Muslim Societies in African History
Cambridge University Press, 12 de jan. de 2004 - 220 páginas
Examining a series of processes (Islamization, Arabization, Africanization) and case studies from North, West and East Africa, this book gives snapshots of Muslim societies in Africa over the last millennium. In contrast to traditions which suggest that Islam did not take root in Africa, author David Robinson shows the complex struggles of Muslims in the Muslim state of Morocco and in the Hausaland region of Nigeria. He portrays the ways in which Islam was practiced in the pagan societies of Ashanti (Ghana) and Buganda (Uganda) and in the ostensibly Christian state of Ethiopia - beginning with the first emigration of Muslims from Mecca in 615 CE, well before the foundational hijra to Medina in 622. He concludes with chapters on the Mahdi and Khalifa of the Sudan and the Murid Sufi movement that originated in Senegal, and reflections in the wake of the events of September 11, 2001.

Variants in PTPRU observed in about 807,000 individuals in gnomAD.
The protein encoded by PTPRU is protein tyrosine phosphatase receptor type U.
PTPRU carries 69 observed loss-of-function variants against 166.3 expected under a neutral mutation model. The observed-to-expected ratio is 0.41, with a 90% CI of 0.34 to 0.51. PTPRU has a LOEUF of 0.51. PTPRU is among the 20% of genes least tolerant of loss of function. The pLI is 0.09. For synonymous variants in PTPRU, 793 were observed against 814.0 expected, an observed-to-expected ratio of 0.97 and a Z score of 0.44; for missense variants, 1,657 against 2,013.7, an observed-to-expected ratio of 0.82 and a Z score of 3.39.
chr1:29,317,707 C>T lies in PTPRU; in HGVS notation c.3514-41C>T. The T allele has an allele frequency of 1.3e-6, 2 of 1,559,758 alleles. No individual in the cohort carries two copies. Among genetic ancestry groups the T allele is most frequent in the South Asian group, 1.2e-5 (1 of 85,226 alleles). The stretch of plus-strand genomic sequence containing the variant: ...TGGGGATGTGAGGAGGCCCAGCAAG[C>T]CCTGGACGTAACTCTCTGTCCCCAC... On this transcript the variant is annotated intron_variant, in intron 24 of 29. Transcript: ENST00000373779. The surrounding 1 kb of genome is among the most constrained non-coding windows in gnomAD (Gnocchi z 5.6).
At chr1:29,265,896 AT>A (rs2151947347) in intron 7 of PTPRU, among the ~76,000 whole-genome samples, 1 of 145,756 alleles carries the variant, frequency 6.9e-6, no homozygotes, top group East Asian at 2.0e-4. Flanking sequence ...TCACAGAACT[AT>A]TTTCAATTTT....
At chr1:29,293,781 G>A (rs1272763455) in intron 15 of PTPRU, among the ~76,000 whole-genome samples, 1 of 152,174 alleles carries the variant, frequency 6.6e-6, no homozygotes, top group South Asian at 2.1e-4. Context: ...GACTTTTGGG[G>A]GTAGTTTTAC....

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Africa Arabic army Asante authorities Bamba became become began beginning Berber British Buganda caliph called capital Chapter chiefs Christian cities civilization classes coast colonial continued court created culture developed discussed dominant early East Egypt emergence Empire established Ethiopia European example faith Figure forces French groups History identity important institutions Islam Italy jihad king kingdom Kumasi land language late leaders learned lived majority Mecca Mediterranean Middle military missionaries Moroccan Morocco mosque moved movement Muhammad Murid Muslim Mutesa nineteenth century North Ottoman particular period pilgrimage political practice prayer Prophet Quran Reading regime region relations religion religious rule scholars Senegal slave trade slavery societies sources space spread strong studies subjects Sudan Sufi sultan Swahili took town tradition University Press Uthman volume West Western women writing